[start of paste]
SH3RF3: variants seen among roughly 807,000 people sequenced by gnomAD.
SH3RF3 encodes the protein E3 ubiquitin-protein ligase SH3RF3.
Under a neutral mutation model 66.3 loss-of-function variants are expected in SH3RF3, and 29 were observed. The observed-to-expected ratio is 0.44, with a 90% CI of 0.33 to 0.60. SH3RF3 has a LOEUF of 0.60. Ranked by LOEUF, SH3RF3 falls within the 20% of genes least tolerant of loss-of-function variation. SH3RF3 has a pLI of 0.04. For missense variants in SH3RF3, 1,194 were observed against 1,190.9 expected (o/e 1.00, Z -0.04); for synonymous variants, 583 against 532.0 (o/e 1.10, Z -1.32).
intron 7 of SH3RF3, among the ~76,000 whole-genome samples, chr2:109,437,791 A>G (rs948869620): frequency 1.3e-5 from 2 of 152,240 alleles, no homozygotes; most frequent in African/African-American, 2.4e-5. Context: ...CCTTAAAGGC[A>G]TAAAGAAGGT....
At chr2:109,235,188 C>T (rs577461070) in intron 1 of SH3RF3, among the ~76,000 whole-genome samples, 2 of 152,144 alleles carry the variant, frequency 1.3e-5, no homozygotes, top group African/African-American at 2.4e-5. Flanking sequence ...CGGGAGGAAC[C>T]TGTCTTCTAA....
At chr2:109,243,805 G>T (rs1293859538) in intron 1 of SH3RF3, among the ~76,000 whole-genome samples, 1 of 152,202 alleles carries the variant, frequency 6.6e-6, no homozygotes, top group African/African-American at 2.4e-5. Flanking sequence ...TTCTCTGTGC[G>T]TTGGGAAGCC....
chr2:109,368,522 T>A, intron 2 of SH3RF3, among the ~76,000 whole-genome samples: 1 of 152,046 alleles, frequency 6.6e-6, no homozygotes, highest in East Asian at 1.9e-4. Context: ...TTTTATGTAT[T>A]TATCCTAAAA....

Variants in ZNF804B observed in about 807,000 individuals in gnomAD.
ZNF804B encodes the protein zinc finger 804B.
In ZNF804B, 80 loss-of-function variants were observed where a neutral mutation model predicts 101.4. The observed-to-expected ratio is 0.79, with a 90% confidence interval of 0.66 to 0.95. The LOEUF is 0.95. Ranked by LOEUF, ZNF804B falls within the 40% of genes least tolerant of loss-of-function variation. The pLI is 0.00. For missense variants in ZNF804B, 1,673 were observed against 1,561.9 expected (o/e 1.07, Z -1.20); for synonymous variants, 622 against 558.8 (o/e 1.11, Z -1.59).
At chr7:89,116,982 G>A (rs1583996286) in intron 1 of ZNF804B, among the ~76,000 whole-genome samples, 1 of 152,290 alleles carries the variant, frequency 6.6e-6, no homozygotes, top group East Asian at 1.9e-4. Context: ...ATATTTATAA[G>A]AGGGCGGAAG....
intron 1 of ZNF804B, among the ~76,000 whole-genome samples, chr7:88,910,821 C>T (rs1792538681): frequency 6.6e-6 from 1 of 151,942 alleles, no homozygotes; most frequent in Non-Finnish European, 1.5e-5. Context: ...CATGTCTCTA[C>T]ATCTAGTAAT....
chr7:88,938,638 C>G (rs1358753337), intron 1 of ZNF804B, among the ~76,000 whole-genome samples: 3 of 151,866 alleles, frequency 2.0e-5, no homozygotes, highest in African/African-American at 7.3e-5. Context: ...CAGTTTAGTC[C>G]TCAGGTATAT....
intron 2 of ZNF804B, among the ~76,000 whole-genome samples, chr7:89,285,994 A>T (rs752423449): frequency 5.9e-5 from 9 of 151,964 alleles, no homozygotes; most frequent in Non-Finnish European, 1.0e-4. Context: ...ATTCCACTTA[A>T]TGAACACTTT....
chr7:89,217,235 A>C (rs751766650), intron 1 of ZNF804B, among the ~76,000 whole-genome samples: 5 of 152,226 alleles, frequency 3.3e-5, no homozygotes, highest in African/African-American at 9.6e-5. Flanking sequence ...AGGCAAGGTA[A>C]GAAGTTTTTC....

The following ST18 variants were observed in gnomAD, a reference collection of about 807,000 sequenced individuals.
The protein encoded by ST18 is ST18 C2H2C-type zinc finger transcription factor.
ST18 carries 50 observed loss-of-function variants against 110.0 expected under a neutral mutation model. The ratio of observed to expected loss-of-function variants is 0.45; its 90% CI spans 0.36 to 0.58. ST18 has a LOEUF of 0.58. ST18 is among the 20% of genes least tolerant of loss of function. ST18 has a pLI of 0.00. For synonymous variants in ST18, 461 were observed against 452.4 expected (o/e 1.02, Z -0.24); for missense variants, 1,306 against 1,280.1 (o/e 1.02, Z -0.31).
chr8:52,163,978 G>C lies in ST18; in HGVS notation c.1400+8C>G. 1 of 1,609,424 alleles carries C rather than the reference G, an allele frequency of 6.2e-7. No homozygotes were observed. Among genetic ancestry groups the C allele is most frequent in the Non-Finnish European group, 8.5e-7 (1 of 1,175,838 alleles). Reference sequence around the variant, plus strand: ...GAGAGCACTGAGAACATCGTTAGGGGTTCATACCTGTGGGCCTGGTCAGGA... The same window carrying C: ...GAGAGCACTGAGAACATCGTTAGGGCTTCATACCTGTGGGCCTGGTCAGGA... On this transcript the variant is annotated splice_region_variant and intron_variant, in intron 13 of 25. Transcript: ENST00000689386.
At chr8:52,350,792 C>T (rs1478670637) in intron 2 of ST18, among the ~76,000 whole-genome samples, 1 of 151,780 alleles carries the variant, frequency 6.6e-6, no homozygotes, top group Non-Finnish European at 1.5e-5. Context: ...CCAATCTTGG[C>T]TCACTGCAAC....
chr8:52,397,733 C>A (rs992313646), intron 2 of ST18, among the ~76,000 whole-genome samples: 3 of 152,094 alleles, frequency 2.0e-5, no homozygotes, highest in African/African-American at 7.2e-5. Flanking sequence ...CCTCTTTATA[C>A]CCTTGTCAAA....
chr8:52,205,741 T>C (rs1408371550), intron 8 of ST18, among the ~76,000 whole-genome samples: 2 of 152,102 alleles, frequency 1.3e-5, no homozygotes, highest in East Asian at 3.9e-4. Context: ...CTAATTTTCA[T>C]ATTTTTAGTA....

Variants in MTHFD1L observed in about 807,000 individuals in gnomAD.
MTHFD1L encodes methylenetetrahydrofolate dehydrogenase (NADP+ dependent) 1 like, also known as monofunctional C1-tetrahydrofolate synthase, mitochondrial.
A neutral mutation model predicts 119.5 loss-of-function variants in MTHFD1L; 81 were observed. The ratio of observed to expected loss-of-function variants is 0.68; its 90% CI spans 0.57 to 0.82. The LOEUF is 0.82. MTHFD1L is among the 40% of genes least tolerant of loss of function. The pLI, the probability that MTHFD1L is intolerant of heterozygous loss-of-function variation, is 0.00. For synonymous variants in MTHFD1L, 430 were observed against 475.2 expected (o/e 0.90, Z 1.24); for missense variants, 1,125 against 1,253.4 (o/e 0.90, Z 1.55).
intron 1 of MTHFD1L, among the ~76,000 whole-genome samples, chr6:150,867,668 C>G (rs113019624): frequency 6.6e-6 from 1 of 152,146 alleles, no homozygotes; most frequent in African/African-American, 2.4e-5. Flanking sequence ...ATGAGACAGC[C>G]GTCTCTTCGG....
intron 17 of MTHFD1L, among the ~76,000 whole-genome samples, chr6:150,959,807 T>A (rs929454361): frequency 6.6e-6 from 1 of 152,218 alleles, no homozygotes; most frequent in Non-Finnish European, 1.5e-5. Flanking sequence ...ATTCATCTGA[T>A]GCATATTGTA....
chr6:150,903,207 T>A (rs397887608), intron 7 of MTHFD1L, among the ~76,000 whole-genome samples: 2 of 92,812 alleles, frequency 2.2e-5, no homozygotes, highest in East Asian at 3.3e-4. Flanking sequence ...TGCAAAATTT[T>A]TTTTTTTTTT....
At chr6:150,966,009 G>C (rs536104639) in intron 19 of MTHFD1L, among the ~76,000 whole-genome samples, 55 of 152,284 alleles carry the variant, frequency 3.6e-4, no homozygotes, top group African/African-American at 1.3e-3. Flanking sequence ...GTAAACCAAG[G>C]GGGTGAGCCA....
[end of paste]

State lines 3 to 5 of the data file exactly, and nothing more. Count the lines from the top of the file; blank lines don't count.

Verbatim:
Under a neutral mutation model 66.3 loss-of-function variants are expected in SH3RF3, and 29 were observed. The observed-to-expected ratio is 0.44, with a 90% CI of 0.33 to 0.60. SH3RF3 has a LOEUF of 0.60. Ranked by LOEUF, SH3RF3 falls within the 20% of genes least tolerant of loss-of-function variation. SH3RF3 has a pLI of 0.04. For missense variants in SH3RF3, 1,194 were observed against 1,190.9 expected (o/e 1.00, Z -0.04); for synonymous variants, 583 against 532.0 (o/e 1.10, Z -1.32).
intron 7 of SH3RF3, among the ~76,000 whole-genome samples, chr2:109,437,791 A>G (rs948869620): frequency 1.3e-5 from 2 of 152,240 alleles, no homozygotes; most frequent in African/African-American, 2.4e-5. Context: ...CCTTAAAGGC[A>G]TAAAGAAGGT....
At chr2:109,235,188 C>T (rs577461070) in intron 1 of SH3RF3, among the ~76,000 whole-genome samples, 2 of 152,144 alleles carry the variant, frequency 1.3e-5, no homozygotes, top group African/African-American at 2.4e-5. Flanking sequence ...CGGGAGGAAC[C>T]TGTCTTCTAA....